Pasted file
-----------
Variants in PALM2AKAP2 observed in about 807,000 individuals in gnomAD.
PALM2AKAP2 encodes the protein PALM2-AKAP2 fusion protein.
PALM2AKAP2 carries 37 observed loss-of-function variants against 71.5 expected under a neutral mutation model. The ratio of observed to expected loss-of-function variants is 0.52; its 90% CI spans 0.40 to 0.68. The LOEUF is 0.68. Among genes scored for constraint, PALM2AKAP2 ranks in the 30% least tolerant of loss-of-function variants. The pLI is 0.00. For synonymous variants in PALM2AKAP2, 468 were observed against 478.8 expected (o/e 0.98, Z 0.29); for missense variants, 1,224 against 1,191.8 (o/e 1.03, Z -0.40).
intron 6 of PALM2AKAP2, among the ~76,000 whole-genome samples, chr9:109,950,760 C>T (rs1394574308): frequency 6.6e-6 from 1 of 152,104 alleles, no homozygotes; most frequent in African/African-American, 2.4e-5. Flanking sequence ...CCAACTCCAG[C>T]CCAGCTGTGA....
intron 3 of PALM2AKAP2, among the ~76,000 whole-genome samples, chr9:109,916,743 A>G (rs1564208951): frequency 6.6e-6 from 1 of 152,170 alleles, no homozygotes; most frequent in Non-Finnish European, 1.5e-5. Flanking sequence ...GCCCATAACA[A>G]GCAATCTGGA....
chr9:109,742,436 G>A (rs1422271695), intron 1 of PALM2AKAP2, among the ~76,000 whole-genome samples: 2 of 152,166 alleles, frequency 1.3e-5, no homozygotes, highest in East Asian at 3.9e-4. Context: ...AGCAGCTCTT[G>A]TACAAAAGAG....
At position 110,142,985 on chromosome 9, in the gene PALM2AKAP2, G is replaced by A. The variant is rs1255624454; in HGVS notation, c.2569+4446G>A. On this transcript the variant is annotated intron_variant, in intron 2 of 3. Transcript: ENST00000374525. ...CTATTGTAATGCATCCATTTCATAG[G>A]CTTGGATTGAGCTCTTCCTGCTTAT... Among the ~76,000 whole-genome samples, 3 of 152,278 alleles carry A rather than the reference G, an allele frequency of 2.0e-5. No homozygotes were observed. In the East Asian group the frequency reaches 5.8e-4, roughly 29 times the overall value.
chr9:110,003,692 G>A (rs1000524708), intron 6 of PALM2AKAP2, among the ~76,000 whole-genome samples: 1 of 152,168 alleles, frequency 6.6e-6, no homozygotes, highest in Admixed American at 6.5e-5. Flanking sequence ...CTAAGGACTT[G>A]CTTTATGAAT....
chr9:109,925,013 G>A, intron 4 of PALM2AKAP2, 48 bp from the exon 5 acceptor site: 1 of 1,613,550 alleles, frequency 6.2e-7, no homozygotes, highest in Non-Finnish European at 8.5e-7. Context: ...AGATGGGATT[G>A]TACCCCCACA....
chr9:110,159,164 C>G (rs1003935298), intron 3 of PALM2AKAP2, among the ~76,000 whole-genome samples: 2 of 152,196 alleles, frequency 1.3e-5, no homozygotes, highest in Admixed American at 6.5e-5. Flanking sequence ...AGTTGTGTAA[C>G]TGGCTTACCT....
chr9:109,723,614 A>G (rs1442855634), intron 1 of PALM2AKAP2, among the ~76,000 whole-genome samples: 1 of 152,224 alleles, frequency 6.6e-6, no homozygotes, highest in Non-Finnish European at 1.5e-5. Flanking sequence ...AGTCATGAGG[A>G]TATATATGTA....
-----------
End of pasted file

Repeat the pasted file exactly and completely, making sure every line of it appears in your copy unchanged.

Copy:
Variants in PALM2AKAP2 observed in about 807,000 individuals in gnomAD.
PALM2AKAP2 encodes the protein PALM2-AKAP2 fusion protein.
PALM2AKAP2 carries 37 observed loss-of-function variants against 71.5 expected under a neutral mutation model. The ratio of observed to expected loss-of-function variants is 0.52; its 90% CI spans 0.40 to 0.68. The LOEUF is 0.68. Among genes scored for constraint, PALM2AKAP2 ranks in the 30% least tolerant of loss-of-function variants. The pLI is 0.00. For synonymous variants in PALM2AKAP2, 468 were observed against 478.8 expected (o/e 0.98, Z 0.29); for missense variants, 1,224 against 1,191.8 (o/e 1.03, Z -0.40).
intron 6 of PALM2AKAP2, among the ~76,000 whole-genome samples, chr9:109,950,760 C>T (rs1394574308): frequency 6.6e-6 from 1 of 152,104 alleles, no homozygotes; most frequent in African/African-American, 2.4e-5. Flanking sequence ...CCAACTCCAG[C>T]CCAGCTGTGA....
intron 3 of PALM2AKAP2, among the ~76,000 whole-genome samples, chr9:109,916,743 A>G (rs1564208951): frequency 6.6e-6 from 1 of 152,170 alleles, no homozygotes; most frequent in Non-Finnish European, 1.5e-5. Flanking sequence ...GCCCATAACA[A>G]GCAATCTGGA....
chr9:109,742,436 G>A (rs1422271695), intron 1 of PALM2AKAP2, among the ~76,000 whole-genome samples: 2 of 152,166 alleles, frequency 1.3e-5, no homozygotes, highest in East Asian at 3.9e-4. Context: ...AGCAGCTCTT[G>A]TACAAAAGAG....
At position 110,142,985 on chromosome 9, in the gene PALM2AKAP2, G is replaced by A. The variant is rs1255624454; in HGVS notation, c.2569+4446G>A. On this transcript the variant is annotated intron_variant, in intron 2 of 3. Transcript: ENST00000374525. ...CTATTGTAATGCATCCATTTCATAG[G>A]CTTGGATTGAGCTCTTCCTGCTTAT... Among the ~76,000 whole-genome samples, 3 of 152,278 alleles carry A rather than the reference G, an allele frequency of 2.0e-5. No homozygotes were observed. In the East Asian group the frequency reaches 5.8e-4, roughly 29 times the overall value.
chr9:110,003,692 G>A (rs1000524708), intron 6 of PALM2AKAP2, among the ~76,000 whole-genome samples: 1 of 152,168 alleles, frequency 6.6e-6, no homozygotes, highest in Admixed American at 6.5e-5. Flanking sequence ...CTAAGGACTT[G>A]CTTTATGAAT....
chr9:109,925,013 G>A, intron 4 of PALM2AKAP2, 48 bp from the exon 5 acceptor site: 1 of 1,613,550 alleles, frequency 6.2e-7, no homozygotes, highest in Non-Finnish European at 8.5e-7. Context: ...AGATGGGATT[G>A]TACCCCCACA....
chr9:110,159,164 C>G (rs1003935298), intron 3 of PALM2AKAP2, among the ~76,000 whole-genome samples: 2 of 152,196 alleles, frequency 1.3e-5, no homozygotes, highest in Admixed American at 6.5e-5. Flanking sequence ...AGTTGTGTAA[C>G]TGGCTTACCT....
chr9:109,723,614 A>G (rs1442855634), intron 1 of PALM2AKAP2, among the ~76,000 whole-genome samples: 1 of 152,224 alleles, frequency 6.6e-6, no homozygotes, highest in Non-Finnish European at 1.5e-5. Flanking sequence ...AGTCATGAGG[A>G]TATATATGTA....